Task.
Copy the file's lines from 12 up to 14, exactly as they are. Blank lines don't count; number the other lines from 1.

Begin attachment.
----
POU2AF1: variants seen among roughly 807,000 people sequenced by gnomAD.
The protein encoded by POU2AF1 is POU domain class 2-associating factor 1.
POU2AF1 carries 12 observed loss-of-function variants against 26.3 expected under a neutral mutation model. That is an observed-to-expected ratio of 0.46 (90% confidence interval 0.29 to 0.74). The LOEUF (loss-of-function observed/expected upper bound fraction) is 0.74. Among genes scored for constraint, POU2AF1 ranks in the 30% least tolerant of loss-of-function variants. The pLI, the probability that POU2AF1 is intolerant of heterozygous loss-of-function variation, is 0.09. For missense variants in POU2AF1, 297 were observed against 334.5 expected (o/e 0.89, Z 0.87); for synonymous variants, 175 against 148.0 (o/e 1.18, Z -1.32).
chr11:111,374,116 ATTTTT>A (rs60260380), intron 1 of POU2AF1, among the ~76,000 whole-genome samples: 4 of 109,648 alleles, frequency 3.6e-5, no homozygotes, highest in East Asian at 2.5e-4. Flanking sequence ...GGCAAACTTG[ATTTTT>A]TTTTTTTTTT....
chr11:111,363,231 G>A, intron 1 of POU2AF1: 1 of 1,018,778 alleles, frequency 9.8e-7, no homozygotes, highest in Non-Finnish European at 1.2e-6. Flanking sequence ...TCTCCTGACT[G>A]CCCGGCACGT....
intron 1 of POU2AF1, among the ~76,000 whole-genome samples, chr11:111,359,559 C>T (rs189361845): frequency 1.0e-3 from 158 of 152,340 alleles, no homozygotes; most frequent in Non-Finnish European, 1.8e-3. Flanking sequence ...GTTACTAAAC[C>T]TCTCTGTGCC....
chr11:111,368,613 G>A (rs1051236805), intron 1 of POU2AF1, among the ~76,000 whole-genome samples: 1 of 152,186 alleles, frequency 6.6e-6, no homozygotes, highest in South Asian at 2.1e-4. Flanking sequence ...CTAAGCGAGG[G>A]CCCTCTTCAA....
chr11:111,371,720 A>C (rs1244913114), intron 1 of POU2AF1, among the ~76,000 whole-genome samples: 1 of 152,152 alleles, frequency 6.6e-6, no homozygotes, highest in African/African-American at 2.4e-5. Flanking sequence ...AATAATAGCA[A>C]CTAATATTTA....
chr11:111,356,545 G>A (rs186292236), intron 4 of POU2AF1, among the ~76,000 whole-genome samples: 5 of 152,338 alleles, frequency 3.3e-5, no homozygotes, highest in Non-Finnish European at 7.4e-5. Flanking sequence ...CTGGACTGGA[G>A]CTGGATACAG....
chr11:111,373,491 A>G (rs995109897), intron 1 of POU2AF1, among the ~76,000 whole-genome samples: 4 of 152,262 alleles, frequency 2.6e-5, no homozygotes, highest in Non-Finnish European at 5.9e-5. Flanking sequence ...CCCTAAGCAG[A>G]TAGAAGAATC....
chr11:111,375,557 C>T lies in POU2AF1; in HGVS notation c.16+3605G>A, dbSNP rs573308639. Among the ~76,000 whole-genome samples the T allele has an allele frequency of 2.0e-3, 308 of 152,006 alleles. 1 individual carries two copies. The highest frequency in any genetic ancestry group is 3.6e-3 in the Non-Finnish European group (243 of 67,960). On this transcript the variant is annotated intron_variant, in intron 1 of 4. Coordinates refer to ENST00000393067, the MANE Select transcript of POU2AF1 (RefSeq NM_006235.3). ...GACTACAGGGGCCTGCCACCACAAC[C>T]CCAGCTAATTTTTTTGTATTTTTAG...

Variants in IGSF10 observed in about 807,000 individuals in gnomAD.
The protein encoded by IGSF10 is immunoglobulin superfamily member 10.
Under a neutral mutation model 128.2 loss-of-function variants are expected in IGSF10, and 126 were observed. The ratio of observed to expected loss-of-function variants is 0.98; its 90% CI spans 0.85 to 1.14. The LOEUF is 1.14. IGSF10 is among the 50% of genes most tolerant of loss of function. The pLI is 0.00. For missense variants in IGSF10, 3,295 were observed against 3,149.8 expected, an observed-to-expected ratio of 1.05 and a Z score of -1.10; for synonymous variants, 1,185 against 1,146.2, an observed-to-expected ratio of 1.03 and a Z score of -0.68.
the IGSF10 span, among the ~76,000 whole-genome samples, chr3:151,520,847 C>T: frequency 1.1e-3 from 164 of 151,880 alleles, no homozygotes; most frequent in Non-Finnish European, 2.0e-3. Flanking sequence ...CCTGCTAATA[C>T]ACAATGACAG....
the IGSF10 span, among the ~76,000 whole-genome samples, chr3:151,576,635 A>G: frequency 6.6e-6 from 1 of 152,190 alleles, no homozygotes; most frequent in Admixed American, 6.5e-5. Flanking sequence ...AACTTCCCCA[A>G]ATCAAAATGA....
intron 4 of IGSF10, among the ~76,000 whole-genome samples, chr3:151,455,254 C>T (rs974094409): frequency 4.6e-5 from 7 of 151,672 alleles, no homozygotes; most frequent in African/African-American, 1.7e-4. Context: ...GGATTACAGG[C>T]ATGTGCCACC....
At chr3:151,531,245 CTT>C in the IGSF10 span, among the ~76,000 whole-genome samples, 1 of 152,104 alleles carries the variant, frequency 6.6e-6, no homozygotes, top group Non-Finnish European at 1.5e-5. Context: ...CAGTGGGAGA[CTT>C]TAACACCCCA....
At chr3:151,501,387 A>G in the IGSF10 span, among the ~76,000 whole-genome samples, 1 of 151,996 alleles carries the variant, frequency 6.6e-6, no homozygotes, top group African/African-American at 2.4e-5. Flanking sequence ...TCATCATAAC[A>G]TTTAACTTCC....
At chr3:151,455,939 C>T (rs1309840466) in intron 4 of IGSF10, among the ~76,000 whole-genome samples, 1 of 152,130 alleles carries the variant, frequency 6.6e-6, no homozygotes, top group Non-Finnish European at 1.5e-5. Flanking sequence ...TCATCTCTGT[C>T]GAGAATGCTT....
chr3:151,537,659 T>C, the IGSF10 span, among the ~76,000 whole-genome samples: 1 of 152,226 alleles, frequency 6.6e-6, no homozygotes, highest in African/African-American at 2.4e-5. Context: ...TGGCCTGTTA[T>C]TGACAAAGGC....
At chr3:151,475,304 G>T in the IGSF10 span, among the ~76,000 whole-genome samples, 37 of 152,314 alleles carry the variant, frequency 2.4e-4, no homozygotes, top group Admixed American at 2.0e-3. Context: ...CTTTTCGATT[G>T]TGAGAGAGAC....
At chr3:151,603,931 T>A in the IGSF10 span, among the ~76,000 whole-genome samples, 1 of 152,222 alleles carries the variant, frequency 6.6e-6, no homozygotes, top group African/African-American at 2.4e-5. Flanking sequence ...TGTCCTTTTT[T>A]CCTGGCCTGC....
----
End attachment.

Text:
Variants in IGSF10 observed in about 807,000 individuals in gnomAD.
The protein encoded by IGSF10 is immunoglobulin superfamily member 10.
Under a neutral mutation model 128.2 loss-of-function variants are expected in IGSF10, and 126 were observed. The ratio of observed to expected loss-of-function variants is 0.98; its 90% CI spans 0.85 to 1.14. The LOEUF is 1.14. IGSF10 is among the 50% of genes most tolerant of loss of function. The pLI is 0.00. For missense variants in IGSF10, 3,295 were observed against 3,149.8 expected, an observed-to-expected ratio of 1.05 and a Z score of -1.10; for synonymous variants, 1,185 against 1,146.2, an observed-to-expected ratio of 1.03 and a Z score of -0.68.